Saturday, October 28, 2017


Around the Arctic Circle, people see green auroras almost every night. It's nothing to write home about. Blue auroras, on the other hand, are very unusual. That's why this photo taken on Oct. 26th by Oliver Wright in Abisko, Sweden, is so remarkable:

"It was totally blue," says Wright, a veteran aurora tour guide who has witnessed hundreds of geomagnetic storms. "I've never seen anything quite like it!" In Tromso, Norway, Daniel Drelciuc saw it, too--"a big blue mass next to the classic green aurora," he says.

In auroras, blue is a sign of nitrogen. Energetic particles striking ionized molecular nitrogen (N2+) at very high altitudes can produce a cold azure glow, most often seen during intense geomagnetic storms. On Oct. 26th, however, geomagnetic activity was not intense.

Maybe these weren't auroras, after all. Another theory is emerging for the blue apparition. On Oct. 26th, the Russian military staged a nuclear battle drill and test-launched a number of ballistic missiles from land, sea and air. At least one of them created a magnificent cloud of blue exhaust. Alexey Yakovlev photographed the display from Strezhevoy, Russia:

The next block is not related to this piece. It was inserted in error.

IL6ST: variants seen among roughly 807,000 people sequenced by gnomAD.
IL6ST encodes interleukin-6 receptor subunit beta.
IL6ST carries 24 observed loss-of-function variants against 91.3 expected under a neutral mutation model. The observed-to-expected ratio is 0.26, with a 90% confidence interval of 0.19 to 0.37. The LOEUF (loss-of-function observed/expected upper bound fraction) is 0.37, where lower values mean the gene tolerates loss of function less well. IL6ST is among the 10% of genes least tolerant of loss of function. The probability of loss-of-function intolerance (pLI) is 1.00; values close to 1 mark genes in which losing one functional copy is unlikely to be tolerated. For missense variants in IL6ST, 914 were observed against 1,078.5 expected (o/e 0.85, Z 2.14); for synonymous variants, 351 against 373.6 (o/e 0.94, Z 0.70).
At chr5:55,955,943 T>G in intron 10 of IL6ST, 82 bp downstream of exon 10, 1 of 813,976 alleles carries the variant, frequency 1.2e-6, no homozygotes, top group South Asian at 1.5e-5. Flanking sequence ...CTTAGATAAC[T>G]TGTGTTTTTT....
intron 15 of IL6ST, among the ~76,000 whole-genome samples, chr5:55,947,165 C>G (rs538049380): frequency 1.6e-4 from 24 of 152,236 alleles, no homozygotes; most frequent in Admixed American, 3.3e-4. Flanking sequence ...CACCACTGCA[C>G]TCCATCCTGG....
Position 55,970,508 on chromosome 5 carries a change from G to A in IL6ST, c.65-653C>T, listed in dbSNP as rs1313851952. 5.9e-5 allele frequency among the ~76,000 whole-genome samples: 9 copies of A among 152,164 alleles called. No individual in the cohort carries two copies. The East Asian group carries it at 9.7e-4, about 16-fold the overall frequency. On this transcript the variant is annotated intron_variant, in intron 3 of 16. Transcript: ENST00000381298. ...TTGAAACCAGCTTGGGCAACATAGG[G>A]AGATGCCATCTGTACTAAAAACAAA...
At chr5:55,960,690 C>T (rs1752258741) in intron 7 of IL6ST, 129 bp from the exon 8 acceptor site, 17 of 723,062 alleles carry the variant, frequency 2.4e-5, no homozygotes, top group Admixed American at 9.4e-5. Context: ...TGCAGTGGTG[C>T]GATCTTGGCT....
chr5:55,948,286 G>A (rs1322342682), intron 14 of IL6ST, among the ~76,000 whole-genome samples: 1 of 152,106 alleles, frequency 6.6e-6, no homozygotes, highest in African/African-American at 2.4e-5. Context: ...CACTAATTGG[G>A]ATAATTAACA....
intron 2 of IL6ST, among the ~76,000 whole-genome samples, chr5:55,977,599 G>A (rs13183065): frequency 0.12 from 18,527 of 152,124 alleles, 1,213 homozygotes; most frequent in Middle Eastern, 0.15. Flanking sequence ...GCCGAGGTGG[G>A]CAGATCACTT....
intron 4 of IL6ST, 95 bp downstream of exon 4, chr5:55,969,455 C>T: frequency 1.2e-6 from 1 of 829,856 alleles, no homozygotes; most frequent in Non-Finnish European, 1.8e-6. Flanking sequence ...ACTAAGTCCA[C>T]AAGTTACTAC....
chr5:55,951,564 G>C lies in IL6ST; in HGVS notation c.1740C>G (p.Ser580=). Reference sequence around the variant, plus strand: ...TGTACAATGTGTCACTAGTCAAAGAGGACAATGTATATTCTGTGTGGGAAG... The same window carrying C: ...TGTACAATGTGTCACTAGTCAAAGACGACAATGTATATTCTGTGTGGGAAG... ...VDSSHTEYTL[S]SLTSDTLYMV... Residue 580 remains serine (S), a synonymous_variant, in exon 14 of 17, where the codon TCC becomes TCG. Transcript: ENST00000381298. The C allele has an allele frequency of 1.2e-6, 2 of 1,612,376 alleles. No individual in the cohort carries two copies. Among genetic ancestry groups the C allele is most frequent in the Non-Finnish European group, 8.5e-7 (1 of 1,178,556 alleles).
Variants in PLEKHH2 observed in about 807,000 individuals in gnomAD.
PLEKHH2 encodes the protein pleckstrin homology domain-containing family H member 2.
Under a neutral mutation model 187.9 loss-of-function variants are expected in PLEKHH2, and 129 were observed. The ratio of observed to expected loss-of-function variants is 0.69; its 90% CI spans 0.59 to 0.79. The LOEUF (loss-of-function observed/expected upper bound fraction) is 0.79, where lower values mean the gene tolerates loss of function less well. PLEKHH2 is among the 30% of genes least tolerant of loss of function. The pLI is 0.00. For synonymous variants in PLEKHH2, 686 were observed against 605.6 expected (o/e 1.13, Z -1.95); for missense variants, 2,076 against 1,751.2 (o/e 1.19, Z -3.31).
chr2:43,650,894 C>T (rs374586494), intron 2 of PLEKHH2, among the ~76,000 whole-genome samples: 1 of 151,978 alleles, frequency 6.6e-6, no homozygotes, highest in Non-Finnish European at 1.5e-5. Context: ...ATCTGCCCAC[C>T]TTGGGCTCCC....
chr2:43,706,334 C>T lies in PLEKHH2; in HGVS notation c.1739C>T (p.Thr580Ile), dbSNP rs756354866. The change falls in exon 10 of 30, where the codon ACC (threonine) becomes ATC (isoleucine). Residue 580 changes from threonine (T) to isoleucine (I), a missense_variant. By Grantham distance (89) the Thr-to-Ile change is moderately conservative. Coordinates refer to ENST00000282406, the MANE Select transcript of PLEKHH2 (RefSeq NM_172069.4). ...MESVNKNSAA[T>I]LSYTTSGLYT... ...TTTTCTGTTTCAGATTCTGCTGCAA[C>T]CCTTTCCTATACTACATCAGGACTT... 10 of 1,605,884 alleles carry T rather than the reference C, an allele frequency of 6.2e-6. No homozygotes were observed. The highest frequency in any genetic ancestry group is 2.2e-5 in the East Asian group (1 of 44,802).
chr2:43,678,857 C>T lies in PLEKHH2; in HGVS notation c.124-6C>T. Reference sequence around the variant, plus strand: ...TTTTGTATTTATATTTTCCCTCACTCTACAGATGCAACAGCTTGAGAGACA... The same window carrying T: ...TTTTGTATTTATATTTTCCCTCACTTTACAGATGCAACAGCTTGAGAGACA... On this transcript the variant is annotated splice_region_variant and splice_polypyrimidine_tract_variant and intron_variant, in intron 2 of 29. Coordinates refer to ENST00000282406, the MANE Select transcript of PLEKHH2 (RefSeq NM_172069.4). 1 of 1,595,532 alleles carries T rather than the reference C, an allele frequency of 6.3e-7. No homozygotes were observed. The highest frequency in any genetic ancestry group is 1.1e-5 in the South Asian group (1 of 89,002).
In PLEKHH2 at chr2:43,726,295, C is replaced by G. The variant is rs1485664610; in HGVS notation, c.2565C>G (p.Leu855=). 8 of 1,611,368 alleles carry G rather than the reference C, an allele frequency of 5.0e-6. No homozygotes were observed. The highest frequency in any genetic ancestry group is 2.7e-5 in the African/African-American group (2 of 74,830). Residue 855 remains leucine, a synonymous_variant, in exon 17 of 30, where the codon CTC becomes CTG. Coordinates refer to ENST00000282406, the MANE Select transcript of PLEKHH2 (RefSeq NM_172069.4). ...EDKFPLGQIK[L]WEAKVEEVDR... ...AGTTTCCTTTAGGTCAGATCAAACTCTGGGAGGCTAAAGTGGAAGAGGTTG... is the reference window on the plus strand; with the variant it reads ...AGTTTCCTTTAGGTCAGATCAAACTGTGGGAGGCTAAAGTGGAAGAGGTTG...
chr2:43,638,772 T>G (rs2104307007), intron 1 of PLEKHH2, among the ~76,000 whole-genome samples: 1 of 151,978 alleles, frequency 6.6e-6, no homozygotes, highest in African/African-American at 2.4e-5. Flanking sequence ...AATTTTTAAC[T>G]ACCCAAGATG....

His photo looks so strange, you might think it is Photoshopped. It's real. A sequence of images on Yakovlev's Russian language social media page shows the cloud expanding naturally into the atmosphere.
The instigating missile may have been a Topol ICBM reportedly launched from the Plesetsk space center 800 km north of Moscow toward the Kura test range in Kamchatka. The flight path is about right for a sighting by Yakovlev. Moreover, when Russia test-launched the same type of missile last month, some sky watchers reported unusual clouds then, too.
Perhaps high altitude winds blew some of this blue exhaust west, visually mixing with geomagnetic auroras over Scandinavia. Wright notes that the blue and green lights were indeed moving independently, as if they came from different sources. "I'm leaning toward the rocket explanation," he says.

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